The class enrolling this month at Carolina includes 3,127 students from North Carolina, nearly 70 percent of resident students who were admitted. Consistent with a five-year trend, they also include the very best students from within the state.
•640 of the enrolling North Carolinians scored 1400 or higher (Critical Reading and Math combined) on the SAT – 43 percent of all the high school seniors statewide who scored at or above this level.
•80 percent of the enrolling North Carolinians graduated in the top 10 percent of their high-school class, compared to 74 percent five years ago.
•41 percent of the enrolling North Carolinians graduated in the top 3 percent of their high-school class, compared to 33 percent five years ago.
•Nearly 70 percent (69.7) of all admitted North Carolinians chose to enroll – the highest yield among resident students in more than 10 years and an increase from 41 percent last year and from 36 percent five years ago.
Overall, every key academic indicator for this year’s class has risen compared to last year. This year’s class also includes greater numbers of low-income students, international students and students whose parents do not hold a college or university degree.
Covenant Scholars increase as more first-year students qualify for need-based aid
Carolina has enrolled 519 new entering Carolina Covenant Scholars this fall as it saw a 22 percent increase in first-year students this year who qualified for need-based financial aid. Of the new Covenant Scholars, 428 are entering as freshmen, and 91 as transfer students.
The Carolina Covenant , which provides a debt-free education to qualified low-income students from North Carolina and beyond, is a national model for making a college degree possible for qualified low-income students. As of fall 2009, nearly 1,800 UNC students are enrolled in the program. A recent study of the first class of Covenant Scholars also has found that the program helps students succeed in the classroom.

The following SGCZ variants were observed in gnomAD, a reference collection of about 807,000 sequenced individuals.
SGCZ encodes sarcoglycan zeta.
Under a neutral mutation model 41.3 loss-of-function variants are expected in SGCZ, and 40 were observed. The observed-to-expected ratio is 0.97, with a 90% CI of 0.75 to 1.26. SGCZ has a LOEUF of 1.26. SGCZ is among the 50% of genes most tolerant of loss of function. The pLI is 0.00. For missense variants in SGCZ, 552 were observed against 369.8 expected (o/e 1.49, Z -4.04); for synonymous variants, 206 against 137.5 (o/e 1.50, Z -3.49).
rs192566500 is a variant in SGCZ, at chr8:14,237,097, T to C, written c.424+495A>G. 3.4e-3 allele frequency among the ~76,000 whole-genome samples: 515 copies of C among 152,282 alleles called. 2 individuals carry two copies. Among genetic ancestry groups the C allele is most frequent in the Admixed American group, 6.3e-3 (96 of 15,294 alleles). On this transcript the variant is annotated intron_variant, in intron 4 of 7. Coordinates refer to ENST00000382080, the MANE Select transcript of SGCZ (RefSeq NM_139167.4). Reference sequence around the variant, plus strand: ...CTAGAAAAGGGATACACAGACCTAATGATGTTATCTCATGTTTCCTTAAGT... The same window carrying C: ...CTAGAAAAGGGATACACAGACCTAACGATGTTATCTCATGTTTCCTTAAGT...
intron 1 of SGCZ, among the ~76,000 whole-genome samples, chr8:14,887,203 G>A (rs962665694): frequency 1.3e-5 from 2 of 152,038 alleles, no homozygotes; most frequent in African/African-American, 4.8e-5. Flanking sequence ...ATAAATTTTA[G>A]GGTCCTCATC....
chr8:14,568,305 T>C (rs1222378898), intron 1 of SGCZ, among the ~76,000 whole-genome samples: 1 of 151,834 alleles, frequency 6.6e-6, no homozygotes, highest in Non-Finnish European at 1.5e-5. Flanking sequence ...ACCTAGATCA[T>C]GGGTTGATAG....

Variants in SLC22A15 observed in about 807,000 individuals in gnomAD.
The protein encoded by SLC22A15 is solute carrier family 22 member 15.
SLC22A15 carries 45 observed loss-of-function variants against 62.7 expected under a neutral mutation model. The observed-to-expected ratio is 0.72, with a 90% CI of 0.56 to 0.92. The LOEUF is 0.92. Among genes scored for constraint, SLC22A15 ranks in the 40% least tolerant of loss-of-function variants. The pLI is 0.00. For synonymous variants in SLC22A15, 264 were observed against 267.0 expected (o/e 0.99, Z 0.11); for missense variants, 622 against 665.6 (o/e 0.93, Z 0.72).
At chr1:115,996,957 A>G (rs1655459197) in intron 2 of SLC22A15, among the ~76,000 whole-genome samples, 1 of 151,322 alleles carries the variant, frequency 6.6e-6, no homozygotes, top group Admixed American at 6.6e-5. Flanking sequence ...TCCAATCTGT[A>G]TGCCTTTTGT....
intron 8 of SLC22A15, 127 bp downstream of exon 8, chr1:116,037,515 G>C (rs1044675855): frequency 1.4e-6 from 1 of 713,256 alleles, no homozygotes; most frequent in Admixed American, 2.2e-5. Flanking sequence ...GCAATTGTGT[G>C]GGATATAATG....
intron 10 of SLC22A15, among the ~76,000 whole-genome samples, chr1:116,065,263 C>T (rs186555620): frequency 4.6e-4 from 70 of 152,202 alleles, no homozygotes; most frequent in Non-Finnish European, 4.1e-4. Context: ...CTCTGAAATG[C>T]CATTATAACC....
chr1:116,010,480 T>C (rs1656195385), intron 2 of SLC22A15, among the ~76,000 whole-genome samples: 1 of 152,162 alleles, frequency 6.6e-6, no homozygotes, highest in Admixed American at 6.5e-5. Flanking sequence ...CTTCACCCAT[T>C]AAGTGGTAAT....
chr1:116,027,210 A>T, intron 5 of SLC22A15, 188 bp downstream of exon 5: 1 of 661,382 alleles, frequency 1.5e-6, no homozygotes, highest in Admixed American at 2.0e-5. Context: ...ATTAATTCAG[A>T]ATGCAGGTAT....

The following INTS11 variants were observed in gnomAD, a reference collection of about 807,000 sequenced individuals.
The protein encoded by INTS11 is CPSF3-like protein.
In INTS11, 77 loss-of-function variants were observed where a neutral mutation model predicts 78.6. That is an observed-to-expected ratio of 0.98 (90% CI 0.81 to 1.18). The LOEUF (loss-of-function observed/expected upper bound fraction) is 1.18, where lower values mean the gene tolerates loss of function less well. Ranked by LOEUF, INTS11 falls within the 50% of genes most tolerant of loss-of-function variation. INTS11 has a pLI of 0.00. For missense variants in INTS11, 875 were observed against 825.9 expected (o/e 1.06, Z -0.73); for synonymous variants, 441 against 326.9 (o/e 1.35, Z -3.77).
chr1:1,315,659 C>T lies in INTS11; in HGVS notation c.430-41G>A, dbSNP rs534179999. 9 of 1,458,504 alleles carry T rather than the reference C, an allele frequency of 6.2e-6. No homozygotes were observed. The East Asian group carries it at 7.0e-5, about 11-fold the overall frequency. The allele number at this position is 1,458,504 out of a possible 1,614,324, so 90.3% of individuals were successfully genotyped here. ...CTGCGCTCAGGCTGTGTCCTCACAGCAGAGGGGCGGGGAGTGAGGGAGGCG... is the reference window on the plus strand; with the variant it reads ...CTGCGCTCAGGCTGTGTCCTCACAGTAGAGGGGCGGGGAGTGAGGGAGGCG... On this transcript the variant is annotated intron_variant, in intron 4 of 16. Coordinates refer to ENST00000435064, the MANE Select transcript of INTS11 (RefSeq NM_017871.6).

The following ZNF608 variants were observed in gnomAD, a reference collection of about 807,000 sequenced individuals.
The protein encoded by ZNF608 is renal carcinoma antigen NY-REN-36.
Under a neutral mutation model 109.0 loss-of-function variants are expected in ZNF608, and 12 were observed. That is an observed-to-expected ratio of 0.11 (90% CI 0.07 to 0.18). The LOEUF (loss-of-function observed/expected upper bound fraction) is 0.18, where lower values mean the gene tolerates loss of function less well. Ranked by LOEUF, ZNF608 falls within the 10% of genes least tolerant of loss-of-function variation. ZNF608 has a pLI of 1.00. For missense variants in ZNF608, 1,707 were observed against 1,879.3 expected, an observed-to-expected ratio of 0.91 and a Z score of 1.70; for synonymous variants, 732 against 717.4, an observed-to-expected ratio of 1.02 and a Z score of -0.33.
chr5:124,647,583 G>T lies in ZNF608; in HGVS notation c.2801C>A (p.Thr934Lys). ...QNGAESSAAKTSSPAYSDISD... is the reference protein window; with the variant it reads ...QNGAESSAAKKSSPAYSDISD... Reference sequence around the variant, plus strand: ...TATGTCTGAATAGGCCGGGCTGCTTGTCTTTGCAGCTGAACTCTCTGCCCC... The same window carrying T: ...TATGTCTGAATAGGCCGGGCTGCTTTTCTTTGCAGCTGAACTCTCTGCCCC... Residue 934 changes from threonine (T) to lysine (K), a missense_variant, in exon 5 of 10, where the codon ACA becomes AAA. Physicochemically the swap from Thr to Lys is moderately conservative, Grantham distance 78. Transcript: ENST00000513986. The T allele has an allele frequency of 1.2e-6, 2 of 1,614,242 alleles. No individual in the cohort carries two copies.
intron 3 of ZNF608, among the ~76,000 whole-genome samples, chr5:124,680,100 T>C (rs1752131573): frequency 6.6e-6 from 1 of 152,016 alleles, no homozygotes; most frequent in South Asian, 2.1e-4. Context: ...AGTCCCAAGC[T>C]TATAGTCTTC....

Before the Covenant program was started in fall 2004, 4 percent of UNC’s entering freshmen were “low income” (200 percent of the federal poverty level). This fall, 11 percent of the freshman class is “low-income.” This change reflects both the demographics of the state, as well as the efforts of the Admissions Office to recruit and welcome these students. Admission to the University remains need-blind; students are first admitted and then designated as Covenant Scholars based on their financial circumstances.
Advising corps spreading to 40 high schools
The Golden LEAF Foundation has renewed its commitment to the Carolina College Advising Corps for the 2009-10 academic year, a move that will enable the program to serve two more high schools. Overall, the corps will have 19 advisers serving 40 high schools in 21 counties across North Carolina in 2009-10.
Now entering its third year, the Carolina College Advising Corps – a program based in the Office of Undergraduate Admissions at Carolina – helps low-income, first-generation and underrepresented students in North Carolina realize the goal of attending college. One of 13 partnerships in the National College Advising Corps (also headquartered at UNC), the Carolina corps places recent UNC graduates – many of them first-generation college students themselves – as college advisers in low-income high schools across the state.
Advisers work closely with guidance counselors and other school personnel to create programs that meet the needs of the students in North Carolina high schools. Typically, an adviser works in two high schools, helping students research and apply to a broad range of two- and four-year schools, with the goal of finding the one that fits each individual best.
During the 2008-09 school year, the Golden LEAF Foundation awarded the advising corps a one-year grant, enabling five advisers to work in 10 high schools. This year, an additional adviser in Edgecombe County will work at North Edgecombe High School and Tarboro High School.
Along with the Golden LEAF Foundation, program funders include the Jack Kent Cooke Foundation, the Jessie Ball duPont Fund, the Z. Smith Reynolds Foundation, the Reidsville Area Foundation, DavidsonWorks and the Rockingham County Education Foundation.
Media note: For more information, call Jennie Cox Bell, program coordinator for the Carolina College Advising Corps, at (919) 843-7286.
More back to school tips: UNC Health Care experts offer tips for dealing with health issues related to the return to school, including school phobia, separation anxiety and poor sleep habits: http://www.unchealthcare.org/site/newsroom/news/2009/August/back2school